When a chef and critic agree on the best spot for fresh seafood with knockout views, it pays to take note.
THE CHEF Srijith Gopinathan – the head chef at Campton Place, where his inventive Californian-inflected Indian cooking earned the restaurant a second Michelin star in 2019.
THE CRITIC Jessica Yadegaran – A food writer and restaurant critic for the East Bay Times and San Jose Mercury News.
Is there one restaurant that really nails the San Francisco vibe?
SG: State Bird Provision (above) presents that classic Californian-melting-style cooking so very well. It’s cuisine with no borders and it has that liberal-cool vibe with a laidback, easy service style that’s totally San Francisco.
JY: There’s this tiny oyster bar in Nob Hill called Swan Oyster Depot. It’s been open since 1912 and with just 18 counter stools the lines snake around the street. It’s a must for anyone who wants to feel that old-school seafood vibe that embodies San Francisco; they have the freshest, most delicious oysters you can get.
What’s your favourite best fine-dining restaurant?
SG: For a special occasion, I would go to Single Thread (below). It’s not just a restaurant; it’s also a farm. And it gives you a whole experience – they tell you where the food came from, what it is, how it’s grown and cooked.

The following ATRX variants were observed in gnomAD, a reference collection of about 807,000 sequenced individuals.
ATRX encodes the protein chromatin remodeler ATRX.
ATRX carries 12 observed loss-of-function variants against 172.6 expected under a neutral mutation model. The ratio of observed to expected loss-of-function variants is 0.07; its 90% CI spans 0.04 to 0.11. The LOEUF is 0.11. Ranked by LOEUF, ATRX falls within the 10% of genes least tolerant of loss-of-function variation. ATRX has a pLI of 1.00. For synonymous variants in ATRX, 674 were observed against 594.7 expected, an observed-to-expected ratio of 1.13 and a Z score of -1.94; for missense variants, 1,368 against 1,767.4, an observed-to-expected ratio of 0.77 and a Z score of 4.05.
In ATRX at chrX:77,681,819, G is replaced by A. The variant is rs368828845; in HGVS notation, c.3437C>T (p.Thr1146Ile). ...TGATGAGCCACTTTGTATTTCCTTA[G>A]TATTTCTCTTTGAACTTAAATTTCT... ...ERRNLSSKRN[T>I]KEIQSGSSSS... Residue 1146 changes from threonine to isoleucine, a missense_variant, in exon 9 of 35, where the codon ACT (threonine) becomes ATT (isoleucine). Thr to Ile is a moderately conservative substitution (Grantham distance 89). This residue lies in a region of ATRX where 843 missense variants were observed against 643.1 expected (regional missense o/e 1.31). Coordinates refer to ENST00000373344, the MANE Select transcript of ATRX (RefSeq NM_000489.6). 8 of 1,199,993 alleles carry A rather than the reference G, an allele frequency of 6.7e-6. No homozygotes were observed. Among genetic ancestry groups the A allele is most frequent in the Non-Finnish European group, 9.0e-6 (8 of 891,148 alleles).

JY: San Francisco has some of the most incredible Michelin-starred restaurants in the world. But most of us want a neighbourhood bistro where you can enjoy a highly curated wine list and beautiful high-quality, sustainable food. So somewhere like Spruce comes to mind. I repeatedly recommend it to people who want a fine-dining experience that won’t break the bank but will still make you feel really spoiled.
Where do you go for your caffeine fix?
SG: Bluebottle Coffee. I go to the one in the Ferry Building for my flat whites. The single-origin beans that they roast in small batches are super-consistent.
JY: There’s a little café on Market Street called Mazarine Coffee, which takes inspiration from Paris’s first public library, Bibliotheque Mazarine. Rather than focus on one coffee they curate the best of the best. They do incredible lattes and savoury toast and they don’t have wi-fi so you can actually talk to your companions and enjoy your food.
What about breakfast or brunch?
SG: There is a diner on Clement Street in my [Jordan Park] neighbourhood called Eats where I go with my wife and son. Brunch isn’t about being fancy and these guys do the classics like avocado toast or huevos rancheros but the seasoning and spices are so right. It’s the perfect spot for a couple of mimosas and a chat.
JY: Nopa. Weekend brunch there is an experience. Blueberry buttermilk biscuits, custardy French toast and eggs for days. Strong Bloody Marys and great lo-fi cocktails, too.
Read more: What to Know Before You Go to San Francisco
Where’s a great spot for a casual lunch?
SG: A Burmese restaurant called Mandalay. Burmese cuisine is like a cross between Chinese and Indian, so you get coconut rice and you also get noodles; the best of both worlds.